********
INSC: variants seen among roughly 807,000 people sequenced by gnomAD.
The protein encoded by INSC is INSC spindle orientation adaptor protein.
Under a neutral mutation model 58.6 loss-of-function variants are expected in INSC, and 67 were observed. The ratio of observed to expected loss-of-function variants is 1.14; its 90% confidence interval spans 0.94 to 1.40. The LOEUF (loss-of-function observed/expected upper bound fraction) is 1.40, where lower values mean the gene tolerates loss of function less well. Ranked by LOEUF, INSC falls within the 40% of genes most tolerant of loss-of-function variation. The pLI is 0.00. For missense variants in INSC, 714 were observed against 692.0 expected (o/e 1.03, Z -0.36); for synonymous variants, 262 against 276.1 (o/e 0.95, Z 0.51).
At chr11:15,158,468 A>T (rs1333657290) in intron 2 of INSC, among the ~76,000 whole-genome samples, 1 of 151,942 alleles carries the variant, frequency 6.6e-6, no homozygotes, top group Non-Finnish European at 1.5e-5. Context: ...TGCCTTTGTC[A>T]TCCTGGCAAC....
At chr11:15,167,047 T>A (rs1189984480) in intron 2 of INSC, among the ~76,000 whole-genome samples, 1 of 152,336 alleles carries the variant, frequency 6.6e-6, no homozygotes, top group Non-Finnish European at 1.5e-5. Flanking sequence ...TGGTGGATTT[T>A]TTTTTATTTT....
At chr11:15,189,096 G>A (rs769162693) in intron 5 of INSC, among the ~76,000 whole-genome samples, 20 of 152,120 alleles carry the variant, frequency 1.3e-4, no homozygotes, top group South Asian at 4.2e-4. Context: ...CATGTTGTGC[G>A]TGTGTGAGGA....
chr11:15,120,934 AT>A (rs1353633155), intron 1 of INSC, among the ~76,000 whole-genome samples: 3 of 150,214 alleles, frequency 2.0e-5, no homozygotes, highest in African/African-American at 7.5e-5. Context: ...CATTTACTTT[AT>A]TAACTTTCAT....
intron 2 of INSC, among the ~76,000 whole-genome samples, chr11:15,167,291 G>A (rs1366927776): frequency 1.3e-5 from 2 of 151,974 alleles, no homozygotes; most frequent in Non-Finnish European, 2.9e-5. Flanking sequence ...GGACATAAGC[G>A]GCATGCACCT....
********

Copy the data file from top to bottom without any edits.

INSC: variants seen among roughly 807,000 people sequenced by gnomAD.
The protein encoded by INSC is INSC spindle orientation adaptor protein.
Under a neutral mutation model 58.6 loss-of-function variants are expected in INSC, and 67 were observed. The ratio of observed to expected loss-of-function variants is 1.14; its 90% confidence interval spans 0.94 to 1.40. The LOEUF (loss-of-function observed/expected upper bound fraction) is 1.40, where lower values mean the gene tolerates loss of function less well. Ranked by LOEUF, INSC falls within the 40% of genes most tolerant of loss-of-function variation. The pLI is 0.00. For missense variants in INSC, 714 were observed against 692.0 expected (o/e 1.03, Z -0.36); for synonymous variants, 262 against 276.1 (o/e 0.95, Z 0.51).
At chr11:15,158,468 A>T (rs1333657290) in intron 2 of INSC, among the ~76,000 whole-genome samples, 1 of 151,942 alleles carries the variant, frequency 6.6e-6, no homozygotes, top group Non-Finnish European at 1.5e-5. Context: ...TGCCTTTGTC[A>T]TCCTGGCAAC....
At chr11:15,167,047 T>A (rs1189984480) in intron 2 of INSC, among the ~76,000 whole-genome samples, 1 of 152,336 alleles carries the variant, frequency 6.6e-6, no homozygotes, top group Non-Finnish European at 1.5e-5. Flanking sequence ...TGGTGGATTT[T>A]TTTTTATTTT....
At chr11:15,189,096 G>A (rs769162693) in intron 5 of INSC, among the ~76,000 whole-genome samples, 20 of 152,120 alleles carry the variant, frequency 1.3e-4, no homozygotes, top group South Asian at 4.2e-4. Context: ...CATGTTGTGC[G>A]TGTGTGAGGA....
chr11:15,120,934 AT>A (rs1353633155), intron 1 of INSC, among the ~76,000 whole-genome samples: 3 of 150,214 alleles, frequency 2.0e-5, no homozygotes, highest in African/African-American at 7.5e-5. Context: ...CATTTACTTT[AT>A]TAACTTTCAT....
intron 2 of INSC, among the ~76,000 whole-genome samples, chr11:15,167,291 G>A (rs1366927776): frequency 1.3e-5 from 2 of 151,974 alleles, no homozygotes; most frequent in Non-Finnish European, 2.9e-5. Flanking sequence ...GGACATAAGC[G>A]GCATGCACCT....